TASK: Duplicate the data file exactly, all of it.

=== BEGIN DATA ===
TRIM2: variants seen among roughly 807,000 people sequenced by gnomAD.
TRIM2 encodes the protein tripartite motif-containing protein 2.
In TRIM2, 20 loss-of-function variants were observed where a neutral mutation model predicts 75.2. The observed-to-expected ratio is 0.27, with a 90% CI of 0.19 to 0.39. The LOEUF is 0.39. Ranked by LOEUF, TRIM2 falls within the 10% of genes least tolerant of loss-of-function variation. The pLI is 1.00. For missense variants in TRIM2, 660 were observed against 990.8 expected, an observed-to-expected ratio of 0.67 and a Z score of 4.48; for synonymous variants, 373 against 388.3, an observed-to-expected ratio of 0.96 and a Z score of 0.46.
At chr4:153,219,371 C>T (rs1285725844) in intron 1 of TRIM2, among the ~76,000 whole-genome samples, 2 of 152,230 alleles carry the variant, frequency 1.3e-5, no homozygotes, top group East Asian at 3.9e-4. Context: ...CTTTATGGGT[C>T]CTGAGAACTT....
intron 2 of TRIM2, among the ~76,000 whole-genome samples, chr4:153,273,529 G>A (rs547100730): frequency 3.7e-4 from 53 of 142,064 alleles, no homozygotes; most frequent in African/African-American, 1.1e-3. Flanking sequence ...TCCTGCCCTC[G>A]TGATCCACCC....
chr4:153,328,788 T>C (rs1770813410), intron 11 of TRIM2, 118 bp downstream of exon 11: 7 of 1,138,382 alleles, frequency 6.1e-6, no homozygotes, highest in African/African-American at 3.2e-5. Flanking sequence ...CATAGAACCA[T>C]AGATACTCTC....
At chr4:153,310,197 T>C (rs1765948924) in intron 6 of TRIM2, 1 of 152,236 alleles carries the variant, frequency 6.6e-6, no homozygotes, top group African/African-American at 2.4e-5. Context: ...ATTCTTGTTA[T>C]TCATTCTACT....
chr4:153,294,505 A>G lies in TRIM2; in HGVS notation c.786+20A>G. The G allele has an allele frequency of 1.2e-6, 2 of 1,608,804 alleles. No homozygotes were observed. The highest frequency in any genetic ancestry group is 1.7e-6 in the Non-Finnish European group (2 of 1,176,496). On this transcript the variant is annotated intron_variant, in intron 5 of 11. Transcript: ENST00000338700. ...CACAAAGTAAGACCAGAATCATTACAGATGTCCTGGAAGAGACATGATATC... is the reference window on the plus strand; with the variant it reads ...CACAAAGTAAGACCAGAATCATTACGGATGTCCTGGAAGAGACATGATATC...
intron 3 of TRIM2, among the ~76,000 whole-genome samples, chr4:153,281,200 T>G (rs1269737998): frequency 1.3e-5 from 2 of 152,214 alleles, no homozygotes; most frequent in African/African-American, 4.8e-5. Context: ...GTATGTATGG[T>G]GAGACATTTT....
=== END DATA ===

TRIM2: variants seen among roughly 807,000 people sequenced by gnomAD.
TRIM2 encodes the protein tripartite motif-containing protein 2.
In TRIM2, 20 loss-of-function variants were observed where a neutral mutation model predicts 75.2. The observed-to-expected ratio is 0.27, with a 90% CI of 0.19 to 0.39. The LOEUF is 0.39. Ranked by LOEUF, TRIM2 falls within the 10% of genes least tolerant of loss-of-function variation. The pLI is 1.00. For missense variants in TRIM2, 660 were observed against 990.8 expected, an observed-to-expected ratio of 0.67 and a Z score of 4.48; for synonymous variants, 373 against 388.3, an observed-to-expected ratio of 0.96 and a Z score of 0.46.
At chr4:153,219,371 C>T (rs1285725844) in intron 1 of TRIM2, among the ~76,000 whole-genome samples, 2 of 152,230 alleles carry the variant, frequency 1.3e-5, no homozygotes, top group East Asian at 3.9e-4. Context: ...CTTTATGGGT[C>T]CTGAGAACTT....
intron 2 of TRIM2, among the ~76,000 whole-genome samples, chr4:153,273,529 G>A (rs547100730): frequency 3.7e-4 from 53 of 142,064 alleles, no homozygotes; most frequent in African/African-American, 1.1e-3. Flanking sequence ...TCCTGCCCTC[G>A]TGATCCACCC....
chr4:153,328,788 T>C (rs1770813410), intron 11 of TRIM2, 118 bp downstream of exon 11: 7 of 1,138,382 alleles, frequency 6.1e-6, no homozygotes, highest in African/African-American at 3.2e-5. Flanking sequence ...CATAGAACCA[T>C]AGATACTCTC....
At chr4:153,310,197 T>C (rs1765948924) in intron 6 of TRIM2, 1 of 152,236 alleles carries the variant, frequency 6.6e-6, no homozygotes, top group African/African-American at 2.4e-5. Context: ...ATTCTTGTTA[T>C]TCATTCTACT....
chr4:153,294,505 A>G lies in TRIM2; in HGVS notation c.786+20A>G. The G allele has an allele frequency of 1.2e-6, 2 of 1,608,804 alleles. No homozygotes were observed. The highest frequency in any genetic ancestry group is 1.7e-6 in the Non-Finnish European group (2 of 1,176,496). On this transcript the variant is annotated intron_variant, in intron 5 of 11. Transcript: ENST00000338700. ...CACAAAGTAAGACCAGAATCATTACAGATGTCCTGGAAGAGACATGATATC... is the reference window on the plus strand; with the variant it reads ...CACAAAGTAAGACCAGAATCATTACGGATGTCCTGGAAGAGACATGATATC...
intron 3 of TRIM2, among the ~76,000 whole-genome samples, chr4:153,281,200 T>G (rs1269737998): frequency 1.3e-5 from 2 of 152,214 alleles, no homozygotes; most frequent in African/African-American, 4.8e-5. Context: ...GTATGTATGG[T>G]GAGACATTTT....